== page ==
Glove and marriage

By Pete Ehrmann on May 6, 2016
Glove and marriage
“Sonny Liston hit me so hard,” lamented Scrapiron later, “I married the wrong woman.”

Chojnacki was not the only boxer, nor even the only one from Milwaukee, to put up his dukes on his wedding day…

If they’re still alive and together, Mr. and Mrs. Michael Chojnacki recently celebrated their 61st wedding anniversary. February 19, 1955 was a memorable day in their lives not only for the fact that they were hitched on that date, but also because mere hours after the wedding ceremony the groom climbed into a boxing ring to fight for the Wisconsin Golden Gloves novice heavyweight championship.

Chojnacki beat three opponents to advance to the finals on his wedding night against Larry Jones of Fond du Lac.

Jones won the decision and title in front of 7,655 fans at the Milwaukee Arena. The story in The Milwaukee Journal the following day reported, probably facetiously, that “in his haste to finish this unromantic business (Chojnacki) failed to block Jones’ hard rights.”

Chojnacki was not the only boxer, nor even the only one from Milwaukee, to put up his dukes on his wedding day.

The most prominent case is that of Joe Louis, who married Marva Trotter in a friend’s New York City apartment on September 24, 1935, and then caught a cab for Yankee Stadium to fight former heavyweight champion Max Baer. Baer went out in the fourth, perhaps because the Brown Bomber actually was in a hurry to get the unromantic part of the night over with. “When Marva came out,” Joe later said, harkening back to their hasty wedding ceremony, “my blood started throbbing.”

In Drumright, Oklahoma on April 14, 1916, immediately following the ringside marriage of lightweight (and Milwaukee native) Otto Wallace to silent film actress Lottie de Farrar, Wallace stripped down to his boxing duds and beat Al Baldwin in 15 rounds. (They had intended to tie the knot in a more traditional setting, but succumbed to the brainstorm of Wallace’s manager, Tommy Dixon, to make fight night “an occasion ITALICde luxe.”)

Cowboy Eddie Anderson was a noted lightweight in the late 1920s and early ‘30s and lived in Milwaukee briefly. After popping the question to fiancée Babe Mathews, Anderson lined up a fight in Omaha on January 23, 1931, to pay for the honeymoon. Matchmaker Pat Boyle convinced them to exchange vows in the ring just before Anderson’s fight with Billy Vaughn, instead. After the nuptials, Cowboy Eddie won an eight-round decision over Vaughn, who may have not recovered from his embarrassment at having been kissed by the bride.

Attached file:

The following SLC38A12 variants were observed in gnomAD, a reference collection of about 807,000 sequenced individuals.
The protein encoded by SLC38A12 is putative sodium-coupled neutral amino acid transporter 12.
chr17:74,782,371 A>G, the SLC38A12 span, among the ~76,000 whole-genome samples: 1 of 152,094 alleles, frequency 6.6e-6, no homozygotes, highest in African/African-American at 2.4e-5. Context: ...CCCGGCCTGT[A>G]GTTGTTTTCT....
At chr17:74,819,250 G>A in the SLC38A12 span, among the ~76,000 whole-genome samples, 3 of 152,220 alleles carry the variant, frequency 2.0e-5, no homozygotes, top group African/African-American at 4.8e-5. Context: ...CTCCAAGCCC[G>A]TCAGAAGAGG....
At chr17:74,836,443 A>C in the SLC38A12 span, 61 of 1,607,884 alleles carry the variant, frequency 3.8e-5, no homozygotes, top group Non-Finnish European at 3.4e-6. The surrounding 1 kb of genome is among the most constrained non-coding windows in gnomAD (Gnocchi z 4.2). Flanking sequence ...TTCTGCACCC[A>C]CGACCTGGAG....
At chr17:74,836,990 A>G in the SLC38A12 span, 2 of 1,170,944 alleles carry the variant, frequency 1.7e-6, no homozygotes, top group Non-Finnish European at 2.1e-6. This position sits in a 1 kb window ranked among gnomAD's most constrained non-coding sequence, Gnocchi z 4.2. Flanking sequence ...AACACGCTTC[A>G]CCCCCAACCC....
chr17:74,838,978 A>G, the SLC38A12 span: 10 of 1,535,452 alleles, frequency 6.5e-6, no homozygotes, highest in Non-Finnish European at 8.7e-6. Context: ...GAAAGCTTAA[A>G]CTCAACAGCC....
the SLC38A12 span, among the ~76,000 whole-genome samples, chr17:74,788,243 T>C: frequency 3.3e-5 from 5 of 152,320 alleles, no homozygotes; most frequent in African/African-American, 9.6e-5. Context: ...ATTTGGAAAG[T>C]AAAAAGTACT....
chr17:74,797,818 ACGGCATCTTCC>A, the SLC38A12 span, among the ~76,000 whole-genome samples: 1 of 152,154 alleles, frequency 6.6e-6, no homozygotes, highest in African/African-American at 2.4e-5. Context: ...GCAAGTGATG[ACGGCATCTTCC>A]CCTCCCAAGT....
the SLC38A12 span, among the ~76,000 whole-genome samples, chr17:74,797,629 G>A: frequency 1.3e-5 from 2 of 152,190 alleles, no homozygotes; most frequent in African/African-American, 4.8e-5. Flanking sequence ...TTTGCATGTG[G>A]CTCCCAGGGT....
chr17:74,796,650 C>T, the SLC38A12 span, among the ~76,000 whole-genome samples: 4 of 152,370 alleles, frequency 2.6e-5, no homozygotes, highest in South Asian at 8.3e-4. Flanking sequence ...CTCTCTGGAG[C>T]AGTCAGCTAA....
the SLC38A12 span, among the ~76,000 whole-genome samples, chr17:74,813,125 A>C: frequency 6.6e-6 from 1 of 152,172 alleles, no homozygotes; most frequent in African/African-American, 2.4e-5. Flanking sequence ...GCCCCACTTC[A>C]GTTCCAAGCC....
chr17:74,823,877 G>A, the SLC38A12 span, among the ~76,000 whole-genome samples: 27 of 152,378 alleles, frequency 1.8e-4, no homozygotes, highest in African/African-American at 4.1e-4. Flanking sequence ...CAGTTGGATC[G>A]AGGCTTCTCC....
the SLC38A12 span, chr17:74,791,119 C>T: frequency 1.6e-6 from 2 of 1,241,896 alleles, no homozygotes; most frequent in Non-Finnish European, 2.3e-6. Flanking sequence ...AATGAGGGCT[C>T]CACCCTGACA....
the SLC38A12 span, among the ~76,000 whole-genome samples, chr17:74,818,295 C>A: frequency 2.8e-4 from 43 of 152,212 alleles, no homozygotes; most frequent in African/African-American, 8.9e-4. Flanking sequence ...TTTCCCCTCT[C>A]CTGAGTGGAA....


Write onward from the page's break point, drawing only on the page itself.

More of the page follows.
Great heavyweight trial horse George “Scrapiron” Johnson scheduled a midnight wedding ceremony in Las Vegas after his fight with former heavyweight champion Sonny Liston on May 12, 1969. But Liston “hit Johnson with more punches than ringsiders could count,” according to the Associated Press, and stopped him in the seventh round, and the woozy Scrapiron postponed the nuptials until the next day.

Evidently, they should have been put off longer. “Liston hit me so hard,” lamented Scrapiron later, “I married the wrong woman.”

It was divorce that sent Omaha boxer Morrie Schlaifer into the ring on April 30, 1926. Three weeks earlier Mrs. Hazel, Schlaifer petitioned to end her marriage to the veteran lightweight known as “The Fighting Fool.” Judge L.B. Day granted the divorce and awarded her alimony of $25 a week, but Schlaifer said he didn’t have a dime to his name. So Judge Day ordered him to get a fight within 60 days and turn his purse over to the ex-Mrs. Schlaifer. Morrie and George Russell fought 10 rounds to a draw in Omaha.

As for Michael Chojnacki, though he lost his Golden Gloves fight he did not enter the bridal chamber afterwards empty-handed. Tournament officials voted him the “Sportsmanship” trophy.

I’d have voted to give it to Mrs. Chojnacki.

Image courtesy of Gemma Robertshaw of

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  1. Bob 03:37pm, 05/09/2016

    Another gem. I never would have guessed this occurred this happened as often as it did. Leave it to the whimsical Mr. Ehrmann to bring it to the public fore. What a delightful read.

  2. Jeff Weston 04:44pm, 05/07/2016

    Great little story. You could turn such anecdotes into a book.

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